Mapping Forests

Mapping Forests

The Carnegie Airborne Observatory (CAO) is the most scientifically advanced, aircraft-based mapping and data analytics system operating in the civil sector today. First deployed in 2007, and greatly expanded in 2011 and 2015, the CAO has transformed our understanding of natural and managed ecosystems at large geographic scales, thereby supporting improved conservation, sustainable resource use, and environmental policy.

18 Oct 2017
Views by REVOLVE

Nature
This editorial is featured in REVOLVE #25 on pages 6-7.

The Carnegie Airborne Observatory (CAO) is the most scientifically advanced, aircraft-based mapping and data analytics system operating in the civil sector today. First deployed in 2007, and greatly expanded in 2011 and 2015, the CAO has transformed our understanding of natural and managed ecosystems at large geographic scales, thereby supporting improved conservation, sustainable resource use, and environmental policy.

The CAO is equipped with the world’s most advanced passive-active remote sensing package. Known as the Airborne Taxonomic Mapping System, or AToMS, this system integrates a high-fidelity Visible to Shortwave Infrared (VSWIR; 400-2500 nm) imaging spectrometer with a dual-laser, full waveform Light Detection and Ranging (LiDAR) sensor that is capable of collecting 3-dimensional ecosystem data at fine spatial resolution. A single overpass of AToMS generates thousands of layers of information on vegetation, soils, topography, and animal habitat.

The CAO’s 3-D imagery has served as an effective form of outreach to world leaders, conservationists, managers and everyday citizens. The CAO has demonstrated its powerful ability to deliver significant new discoveries in dozens of arenas, such as previously undetected illegal gold mining in the Amazon; animal hunting behavior in African savannas; ecological conditions promoting malaria and other diseases; undiscovered archeological sites in Hawaii; ecological imprints of prehistoric human activity in California, and much more. CAO data have been provided to thousands of organizations ranging from science to the arts, music to the fashion industry, and school children around the globe.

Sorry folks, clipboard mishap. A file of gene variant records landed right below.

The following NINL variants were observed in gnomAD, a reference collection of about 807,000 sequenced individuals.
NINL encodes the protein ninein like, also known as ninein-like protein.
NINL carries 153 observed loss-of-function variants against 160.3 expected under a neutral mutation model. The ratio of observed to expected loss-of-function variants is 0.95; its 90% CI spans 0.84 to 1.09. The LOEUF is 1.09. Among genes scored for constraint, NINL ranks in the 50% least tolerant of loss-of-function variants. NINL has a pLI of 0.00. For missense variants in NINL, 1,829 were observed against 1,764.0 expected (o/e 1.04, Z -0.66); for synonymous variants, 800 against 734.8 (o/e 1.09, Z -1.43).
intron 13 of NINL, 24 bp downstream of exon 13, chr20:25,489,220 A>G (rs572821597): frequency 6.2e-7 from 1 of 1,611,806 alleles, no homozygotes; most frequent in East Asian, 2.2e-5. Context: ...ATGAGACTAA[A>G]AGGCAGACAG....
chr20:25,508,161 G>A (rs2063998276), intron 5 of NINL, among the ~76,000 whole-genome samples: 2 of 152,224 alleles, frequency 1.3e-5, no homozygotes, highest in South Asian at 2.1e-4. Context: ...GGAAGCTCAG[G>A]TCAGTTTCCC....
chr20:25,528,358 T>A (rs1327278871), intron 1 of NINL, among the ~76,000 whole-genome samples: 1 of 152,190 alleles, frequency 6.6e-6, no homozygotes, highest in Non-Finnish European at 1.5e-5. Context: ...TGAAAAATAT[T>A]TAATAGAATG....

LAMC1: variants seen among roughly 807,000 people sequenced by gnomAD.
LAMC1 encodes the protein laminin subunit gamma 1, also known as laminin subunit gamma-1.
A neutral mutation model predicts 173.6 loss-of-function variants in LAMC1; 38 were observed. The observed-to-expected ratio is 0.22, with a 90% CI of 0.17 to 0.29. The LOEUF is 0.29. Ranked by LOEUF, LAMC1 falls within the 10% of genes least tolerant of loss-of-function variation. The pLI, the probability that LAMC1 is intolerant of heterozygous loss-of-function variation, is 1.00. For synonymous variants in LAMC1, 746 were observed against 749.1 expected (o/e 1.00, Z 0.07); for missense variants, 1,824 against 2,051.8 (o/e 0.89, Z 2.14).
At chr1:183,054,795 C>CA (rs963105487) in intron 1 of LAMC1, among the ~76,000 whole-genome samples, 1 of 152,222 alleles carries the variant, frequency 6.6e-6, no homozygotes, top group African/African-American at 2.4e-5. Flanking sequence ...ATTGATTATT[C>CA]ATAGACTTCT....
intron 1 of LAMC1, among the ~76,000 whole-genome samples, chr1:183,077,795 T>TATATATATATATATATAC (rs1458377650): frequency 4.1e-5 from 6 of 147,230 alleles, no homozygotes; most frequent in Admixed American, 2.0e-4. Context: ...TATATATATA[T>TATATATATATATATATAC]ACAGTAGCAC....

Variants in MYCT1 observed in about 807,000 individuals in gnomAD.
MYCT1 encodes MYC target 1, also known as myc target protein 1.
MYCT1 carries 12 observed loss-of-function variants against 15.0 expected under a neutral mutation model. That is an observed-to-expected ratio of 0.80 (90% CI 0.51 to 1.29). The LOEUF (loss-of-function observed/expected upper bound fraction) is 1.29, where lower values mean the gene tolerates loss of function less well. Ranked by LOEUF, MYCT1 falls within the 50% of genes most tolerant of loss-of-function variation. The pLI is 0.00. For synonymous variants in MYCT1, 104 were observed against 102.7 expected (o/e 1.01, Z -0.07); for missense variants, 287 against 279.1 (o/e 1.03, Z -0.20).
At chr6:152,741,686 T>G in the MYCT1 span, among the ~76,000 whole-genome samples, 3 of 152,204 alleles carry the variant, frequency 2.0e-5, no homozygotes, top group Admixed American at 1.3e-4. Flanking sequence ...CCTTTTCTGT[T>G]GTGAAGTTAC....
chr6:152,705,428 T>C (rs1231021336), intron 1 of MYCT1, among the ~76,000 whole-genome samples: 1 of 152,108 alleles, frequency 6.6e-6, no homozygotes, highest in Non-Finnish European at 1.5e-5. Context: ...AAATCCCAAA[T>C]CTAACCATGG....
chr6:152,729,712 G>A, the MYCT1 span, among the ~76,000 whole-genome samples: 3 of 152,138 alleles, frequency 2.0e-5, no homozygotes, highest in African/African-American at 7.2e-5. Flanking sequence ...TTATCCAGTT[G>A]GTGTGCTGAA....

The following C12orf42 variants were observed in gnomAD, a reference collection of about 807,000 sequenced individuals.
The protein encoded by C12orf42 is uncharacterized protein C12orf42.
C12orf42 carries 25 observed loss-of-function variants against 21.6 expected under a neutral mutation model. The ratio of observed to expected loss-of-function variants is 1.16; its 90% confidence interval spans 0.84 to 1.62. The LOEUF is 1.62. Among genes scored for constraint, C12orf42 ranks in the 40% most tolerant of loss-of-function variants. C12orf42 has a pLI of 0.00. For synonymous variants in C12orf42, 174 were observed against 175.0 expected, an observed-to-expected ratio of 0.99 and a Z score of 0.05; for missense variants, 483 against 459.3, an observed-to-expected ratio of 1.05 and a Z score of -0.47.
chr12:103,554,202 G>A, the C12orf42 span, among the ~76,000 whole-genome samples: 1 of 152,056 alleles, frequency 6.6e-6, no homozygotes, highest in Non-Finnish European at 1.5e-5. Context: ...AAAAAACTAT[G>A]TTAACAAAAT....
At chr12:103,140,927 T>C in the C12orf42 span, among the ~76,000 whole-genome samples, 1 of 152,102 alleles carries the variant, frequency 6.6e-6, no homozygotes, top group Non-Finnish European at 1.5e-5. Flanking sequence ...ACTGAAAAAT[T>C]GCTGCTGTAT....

From 2008 to 2016, the CAO operated in Borneo, California, Colombia, Costa Rica, Ecuador, Hawaii, Madagascar, Panamá, Perú, and South Africa. The program has provided high-tech geospatial science support to private and public institutions working to conserve some of the most endangered, biodiverse ecosystems on Earth. CAO maps have played a central role in policy development at the highest levels in the host countries, and they have been center-stage in the United Nations climate change and biodiversity negotiations. The CAO program has produced more than 300 scientific publications, trained hundreds of scientists around the world, and been covered in more than 5,000 news stories.

The Carnegie Airborne Observatory is led by Dr Gregory Asner.

Visit: cao.carnegiescience.edu

Mapped forest biomass throughout Hawaii Island, also known as the Big Island, in 2011.

A collapsed volcanic cinder cone with vegetation, Hualalai Volcano, Hawaii Island, 2016.

Coastline view of Kohala Mountain on Hawaii Island, mapping in 2016. Pololu Valley is visible to the left, and land clearings for sugar cane are visible to the right.

CAO mapped the three-dimensional structure of the Colombian Amazon basin in 2010 and again in 2012. The mapping was done at night using lasers. The resulting images show the 3D structure of the forest, and land clearings created for cattle ranching.

CAO mapped the three-dimensional structure of the Colombian Amazon basin in 2010 and again in 2012. The mapping was done at night using lasers. The resulting images show the 3D structure of the forest, and land clearings created for cattle ranching.

Natural forests line the Kinabatangan River in northern Borneo Island in 2016. To the right, the invasion of oil palm plantations that destroy natural rainforest.

A portion of the Sierra Nevada Mountains in California during the 2012-2015 megadrought that left more than 100 million trees dead. This image shows an area in the central Sierras with live trees in green, and dead trees in brown colors. The image was taken in 2016.

Confluence of two rivers in the Peruvian Amazon basin, taken in 2013. One river is naturally brown due to the decomposition of fallen leaves into the river water. The other river is artificially orange, caused by sediments generated by illegal gold mining upriver (Above & below).